Convergent Technologies of Santa Clara, California introduced the Worslate the same time as the Tandy Model 100. Although it was about the same size of the Model 100, the Workslate was primarily a spreadsheet machine. No other software could be loaded except some application which was adaptations of the basic spreadsheet program. The Workslate used a CMOS version of the old 6800 processor and 16B KB of RAM. RAM size couldn't be extended and allowed a limited 7...
AMSTRAD  PC 1640
The Amstrad PC 1640 was the successor to the Amstrad PC 1512. It had the same characteristics as its predecessor except for added memory (640 KB instead of 512 KB) and the EGA graphics standard. It also had great success, but to a lesser extent than the PC 1512. As the PC 1512, the Amstrad PC 1640 came with the GEM graphical user interface, from Digital Research, an alternative to Windows. The PC-1640 was marketed under the name PC-6400 in the USA. It was a...
SHARP  MZ 40K
MZ-40K was an ancestor of the Sharp MZ computers series. It was a single-board microcomputer in a plastic covered box. Sharp called it "Dr. Microcomputer (MAIKON HAKASE)". It was designed as a consumer electrical appliance and sold as a toy or a training tool for the first microcomputers fans. The MZ-40K had a built-in speaker and could play music automatically or become an organ, using the monitor keys. Software was included into the 4-bit CPU ROM and users could run several basic applicatio...
TANDY RADIO SHACK  Color Computer 2
The Color Computer 2 (coco2) replaced the Color Computer "Model 1" in 1983. It has the same characteristics than the Model 1 but has a better keyboard and a more integrated circuitry. There were several models of the Coco2, some with only 8k ROM (Color Basic) called Standard Color Computer 2, and others with 16k ROM (Extended Color Basic) called the Extended Color Computer 2. Some later models differ also in RAM capacity (16k, 32k or 64k). It was replaced wi...
TOSHIBA  HX-20 / HX-21 / Pasopia IQ
This is a classic MSX 1 computer, quite similar to the HX-10, except that the shape is different and there are two cartridge slots. Its special feature seems to be a primitive word processor software built-in ROM. You need a separate Kanji ROM cartridge for it to work. Does someone know the other differences? In its native country (Japan), the HX-20 was also named Pasopia IQ to fit in the Pasopia family developped b...
THOMSON  MICROMEGA 32
The Micromega was built by Thomson (in France) and System Fortune Corp in Great Britain (see this entry for more info). Two other floppy drives can be connected and four hard disks (5, 10, or 20 MB). It can be used on a network with several users: 3 computers can be linked by one rs232 port. It ran under UNIX and an optional Z80 card was available, so it also could run under CP/M. _________ Grosminet (France) recalls: I ...

   RANDOM ADVERTS
In schools #1

BULL
MICRAL 80/22

 
Scary...

THOMSON
TO 7

 
First advert - Feb.1...

IBM
PC - Model 5150

 
French ad (sept. 198...

CASIO
PB-100

 
U.K. advert (1983)

KAYPRO
Kaypro II

 
U.S. ad. (1983)

COMPUPRO
System 816

 
UK advert

COMMODORE
Amiga 500

 
Spanish advert

SONY
Hit-Bit 101

 
An advertising for t...

HITACHI
MB-6885 / Basic Master Jr

 
UK advert, Oct 1983

TEXAS INSTRUMENTS
TI 99 / 4A

 
First ad (1983)

SEMI-TECH
Pied Piper

 
Flyer

PEL VARAZDIN
Orao

 
German advert (1983)

KAYPRO
Kaypro II

 
Advert

ATARI
800

 
Promotional pict. #2

APF
Imagination Machine

 
COMPUSTAR ad #2

INTERTEC
SUPERBRAIN

 
U.S. advert (1977)

NORTHSTAR
Horizon

 
First advert - Nov.1...

IBM
PC - Model 5150

 
Advert (february 198...

SMT
Goupil 2

 
Italian ad.

SINCLAIR
ZX SPECTRUM

 
1977 advert

IASIS
ia-7301

 
UK advert

TATUNG
EINSTEIN TC-01

 
Italian ad

COMMODORE
CBM 500 / 600 Series

 
U.S. advert #2

EPSON
HC / HX-20

 

   LATEST COMMENTS
Owen Mooney
11/29/2015
EPSON  HC / HX-20
Finding this brings back memories! In 1984 I was designing a simulator for the ionosphere using a (then) high performance DSP processor. We were about to embark on the build of a user interface (using a custom microprocessor deign) when this came along. It did the UI brilliantly!, as well as computing some complex equations. I''m proud to say this must be one of the earliest SOA architectures around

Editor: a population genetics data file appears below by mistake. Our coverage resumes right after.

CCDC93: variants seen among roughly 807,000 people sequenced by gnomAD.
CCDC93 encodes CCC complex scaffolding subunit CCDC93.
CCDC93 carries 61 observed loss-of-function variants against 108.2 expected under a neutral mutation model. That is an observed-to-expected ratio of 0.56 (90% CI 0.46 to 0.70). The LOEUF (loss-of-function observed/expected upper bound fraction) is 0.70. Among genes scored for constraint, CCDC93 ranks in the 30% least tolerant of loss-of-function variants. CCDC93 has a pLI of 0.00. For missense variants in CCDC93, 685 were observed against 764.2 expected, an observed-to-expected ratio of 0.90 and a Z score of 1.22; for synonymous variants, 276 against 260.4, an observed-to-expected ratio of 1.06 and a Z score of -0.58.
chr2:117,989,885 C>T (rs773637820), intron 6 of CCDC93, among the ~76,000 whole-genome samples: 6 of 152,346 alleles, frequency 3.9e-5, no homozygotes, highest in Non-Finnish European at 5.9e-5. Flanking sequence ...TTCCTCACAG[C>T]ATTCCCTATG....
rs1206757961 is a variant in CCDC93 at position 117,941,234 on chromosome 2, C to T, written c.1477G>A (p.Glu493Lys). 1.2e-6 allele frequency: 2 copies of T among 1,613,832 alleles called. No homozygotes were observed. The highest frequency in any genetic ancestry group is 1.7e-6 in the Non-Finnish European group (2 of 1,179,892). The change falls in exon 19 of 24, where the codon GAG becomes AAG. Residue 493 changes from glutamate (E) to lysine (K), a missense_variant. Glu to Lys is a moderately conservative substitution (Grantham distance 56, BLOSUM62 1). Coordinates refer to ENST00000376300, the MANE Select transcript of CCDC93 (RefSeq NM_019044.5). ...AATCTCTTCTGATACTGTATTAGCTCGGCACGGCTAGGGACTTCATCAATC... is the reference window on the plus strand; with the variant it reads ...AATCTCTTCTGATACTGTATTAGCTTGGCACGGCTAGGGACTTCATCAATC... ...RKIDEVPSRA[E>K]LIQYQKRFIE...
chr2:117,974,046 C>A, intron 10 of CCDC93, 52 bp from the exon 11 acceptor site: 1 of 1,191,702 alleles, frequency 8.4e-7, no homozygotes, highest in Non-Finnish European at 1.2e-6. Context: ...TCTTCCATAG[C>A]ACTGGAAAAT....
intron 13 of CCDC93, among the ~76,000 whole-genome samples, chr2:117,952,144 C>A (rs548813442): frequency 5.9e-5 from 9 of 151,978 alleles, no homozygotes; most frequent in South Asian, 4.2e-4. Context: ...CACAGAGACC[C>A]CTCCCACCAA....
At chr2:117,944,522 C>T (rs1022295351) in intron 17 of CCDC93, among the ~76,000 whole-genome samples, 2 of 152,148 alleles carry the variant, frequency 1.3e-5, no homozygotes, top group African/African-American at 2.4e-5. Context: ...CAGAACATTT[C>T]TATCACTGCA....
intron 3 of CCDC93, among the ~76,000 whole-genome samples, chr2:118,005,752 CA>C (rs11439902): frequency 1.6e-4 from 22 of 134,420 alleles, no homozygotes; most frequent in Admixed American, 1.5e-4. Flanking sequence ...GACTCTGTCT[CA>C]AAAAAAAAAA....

Michael Otway
11/29/2015
APPLIED TECHNOLOGIES  Microbee 128
Being equipped with a Z80 CPU, these "128K" units could only access 64KB for programs and data. The other 64KB was set aside as a RAM drive. The RAM drive wasn''t all that useful though, because (unlike their 32 and 64K models) they used DRAM not SRAM, so the RAM drive data was gone once the computer was switched off.

Glen Crandall
11/28/2015
IBM  AN/FSQ-7
"There were usually several hundred tube failures each day, replaced by workers racing up and down the tube racks with shopping carts full of replacements."

This statement is incorrect. Because of the automated testing conducted on a daily schedule actual failures were extremely rare.

The only time large numbers of tubes were replaced occurred happened after about four years of operation. At this time predicted failure rates of vacuum tubes rose to the point where all tubes were replaced. Usually about 100 to 200 tubes were replaced at a time during this phase.

I joined IBM in September 1957 and went to Kingston, NY for a 6 month training period. My permanent duty assignment was the DC at Gunter AFB, Montgomery, AL. I was there from April 1958 to November 1961.

In November 1961 I transferred to the software development site in Santa Monica, CA. I was there until about June 1966.

Stan Brown
11/27/2015
BRITISH MICRO Mimi 802 / 803 / 804
I''ve actually got one but no discs, manuals or other bits. As far as I am aware the last time I connected it to a monitor it was working, about 3 years ago.

Noel Griffin
11/23/2015
AM INTERNATIONAL JACQUARD SYSTEMS J100 - J500
I developed My-Plan the 3D spreadsheet that ran on J100 and J500. Ah System II - happy memories, but not fond of DD01 error 8''s :) TypeRite was superb

Fernando Bautista
11/20/2015
ATARI  PC
Perdón por no escribir en ingles pero yo poseo una computadora así mejor dicho solo cpu falta la pantalla, teclado y el ratón actualmente está acumulado polvo así que me interesaría venderla alguien sabe o me podría dar un precio aproximado de ¿cuanto podría valer?

Fernando Bautista
11/20/2015
ATARI  PC
Perdón por no escribir en ingles pero yo poseo una computadora así mejor dicho solo cpu falta la pantalla, teclado y el ratón actualmente está acumulado polvo así que me interesaría venderla alguien sabe o me podría dar un precio aproximado de ¿cuanto podría valer?